How Pregnancy Affects Teeth & Your Dental Health
A woman’s body undergoes plenty of changes during pregnancy requiring extra care and nourishment. The surge of hormones affects the skin, hair, and even moods! What few women understand however, is that their dental health could also suffer if not given the attention it deserves.
Like most parts of the body, the teeth is extra sensitive during pregnancy making it all the more important to check in with your dentist.
Why is dental health important during pregnancy?
Any existing problems with your oral health will be aggravated by the hormonal imbalance during pregnancy. You are more prone to developing tooth decay, gingivitis, and other dental issues. These can have an impact on your overall health during pregnancy, which in turn can affect the baby’s health.
It’s a common misconception that dental procedures, including dental checkups, should not be carried out during pregnancy because they can be harmful or cause discomfort to a pregnant woman. This is simply not true. In fact, it is advisable to visit your dentist regularly even while expecting to help prevent any dental problems. Dentists know exactly which procedures are safe and which medications are not harmful to pregnant mothers and their babies so there is really no need to worry.
Which dental procedures are safe?
It is strongly advised that you stick to your schedule of regular dental check-ups even when you are pregnant. Your dentist will advise you if additional appointments are needed. Below are the dental procedures that are safe to conduct on pregnant women:
Although dentists prefer saving a tooth over extractions, your tooth may need to be removed if it’s badly damaged by decay — a severely decayed tooth may risk your gums and other teeth. Tooth extractions are mostly recommended during the second trimester but can be still performed anytime during the pregnancy if required.
In a root canal procedure, nerve ending tissues infected by tooth decay are removed and restored to avoid extraction. It can be safely performed on pregnant women especially during the second trimester to stop the pain that may cause discomfort.
Dental cleanings are not only safe but are highly recommended by dentists to prevent the build-up of cavities and plaques that can cause infection.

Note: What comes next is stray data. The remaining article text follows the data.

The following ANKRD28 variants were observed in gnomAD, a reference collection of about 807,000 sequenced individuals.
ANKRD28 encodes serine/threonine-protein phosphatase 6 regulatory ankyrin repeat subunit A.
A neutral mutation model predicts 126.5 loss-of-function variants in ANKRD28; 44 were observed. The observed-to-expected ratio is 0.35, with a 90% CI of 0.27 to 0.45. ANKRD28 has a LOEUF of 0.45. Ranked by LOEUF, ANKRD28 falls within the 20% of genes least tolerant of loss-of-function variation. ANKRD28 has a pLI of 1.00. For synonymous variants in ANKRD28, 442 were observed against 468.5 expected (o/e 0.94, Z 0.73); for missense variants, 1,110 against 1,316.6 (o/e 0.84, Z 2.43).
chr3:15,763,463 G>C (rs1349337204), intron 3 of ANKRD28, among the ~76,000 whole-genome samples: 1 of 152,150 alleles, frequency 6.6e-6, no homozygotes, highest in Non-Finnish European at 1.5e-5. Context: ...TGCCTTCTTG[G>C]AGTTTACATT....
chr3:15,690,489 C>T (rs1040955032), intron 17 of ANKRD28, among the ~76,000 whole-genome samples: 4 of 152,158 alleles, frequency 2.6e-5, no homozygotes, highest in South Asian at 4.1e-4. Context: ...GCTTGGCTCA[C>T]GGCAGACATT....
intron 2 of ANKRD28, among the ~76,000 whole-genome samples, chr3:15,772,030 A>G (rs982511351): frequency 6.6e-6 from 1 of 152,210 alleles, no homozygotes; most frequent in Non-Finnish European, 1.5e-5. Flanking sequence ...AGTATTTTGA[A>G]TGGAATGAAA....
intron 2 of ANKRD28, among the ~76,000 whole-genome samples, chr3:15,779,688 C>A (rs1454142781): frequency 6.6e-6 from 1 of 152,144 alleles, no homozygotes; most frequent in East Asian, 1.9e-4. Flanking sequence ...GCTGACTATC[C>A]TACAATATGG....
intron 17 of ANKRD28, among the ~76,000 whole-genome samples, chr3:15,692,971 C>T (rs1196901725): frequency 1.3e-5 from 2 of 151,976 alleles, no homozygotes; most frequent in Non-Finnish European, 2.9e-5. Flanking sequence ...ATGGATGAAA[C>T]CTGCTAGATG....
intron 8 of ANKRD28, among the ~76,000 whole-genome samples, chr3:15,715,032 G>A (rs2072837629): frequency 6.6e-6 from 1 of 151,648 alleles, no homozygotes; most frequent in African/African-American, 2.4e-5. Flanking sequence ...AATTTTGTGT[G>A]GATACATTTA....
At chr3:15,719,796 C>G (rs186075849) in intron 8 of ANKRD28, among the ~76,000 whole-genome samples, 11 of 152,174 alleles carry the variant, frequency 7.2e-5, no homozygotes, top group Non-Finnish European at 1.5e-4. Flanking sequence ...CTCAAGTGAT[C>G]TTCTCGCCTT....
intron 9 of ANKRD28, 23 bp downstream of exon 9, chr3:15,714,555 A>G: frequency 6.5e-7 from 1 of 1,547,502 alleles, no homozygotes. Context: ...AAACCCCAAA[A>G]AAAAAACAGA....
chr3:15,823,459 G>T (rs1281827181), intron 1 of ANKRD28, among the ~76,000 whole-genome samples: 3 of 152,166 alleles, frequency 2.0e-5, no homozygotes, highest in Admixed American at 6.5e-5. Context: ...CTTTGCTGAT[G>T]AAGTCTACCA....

Cavity filling and Crown
Tooth fillings and crown placement are necessary measures to prevent infection from spreading in your teeth. These dental procedures will take some time and may result in a little discomfort that is not ideal for pregnant women in their first and third trimester.
Procedures like tooth extraction may require x-rays. Contrary to common belief, x-rays are safe to perform, especially during emergency situations. Dental x-rays use a very small amount of radiation which is not strong enough to cause any harm on the baby’s development. Dentists and dental technicians will also use tools like a thyroid guard and a lead apron to add protection for the baby.
A requirement in most dental procedures to numb the pain, anaesthesia is safe for pregnant women as long as the appropriate dosage for the procedure is administered, and as long as they do not contain felypressin. Make sure to inform your dentists right away about your pregnancy so the correct type of anaesthetic will be used.
Although these procedures are safe during pregnancy, your dentist will likely postpone them until after you’ve given birth to avoid any complications — unless it’s an absolute emergency.
Do’s and don’ts
To avoid emergency dental procedures during pregnancy, here are some oral care practices that you should observe before and during the period:
Avoid sugary foods
Food cravings are common among pregnant women, especially cravings for sugary food like cakes, chocolates, and ice cream. These will not do your teeth any good at all. See if you can swap these foods with fruits, yogurt, and other healthier kinds of sweets. Stick to a balanced diet to keep yourself and your baby nourished with important vitamins and minerals.
Refrain from brushing your teeth after vomiting
During the first three months of pregnancy, vomiting will likely be an annoying but mostly harmless part of your day. Vomit contains acid from your stomach that can soften the outer layer of your teeth. Don’t make the damage worse by brushing immediately after vomiting. Instead, wash away the acid by gargling water and chewing sugar-free gums.
Postpone elective procedures
Whitening procedures and or having braces installed are great for your teeth in the long run but they can wait until you have given birth. These procedures take some time and may cause discomfort to you and your baby.
Inform your dentist that you are pregnant
In any case that you need to have an emergency dental procedure performed, inform your dentist right away about your pregnancy. This will help the dentist find the best way to avoid any pregnancy-related risks, and keep you safe and comfortable during the procedure.
Maintain proper oral hygiene
Brushing and flossing should never be removed from your daily routine even when you are pregnant. This will help keep your teeth free of infections that will cause harm to your overall dental health. However, due to hormonal spikes during pregnancy, your gums might get swollen and extra sensitive to toothbrush bristles and dental floss. Remember to brush and floss more lightly during this period, and find a toothbrush with soft bristles.
If you want to know more about dental health and pregnancy, call us at Pymble Dental on (02) 9488 7676and our family-friendly dental professionals will help you.
Make an appointment to ensure your dental health without risking your safety as well as your baby’s.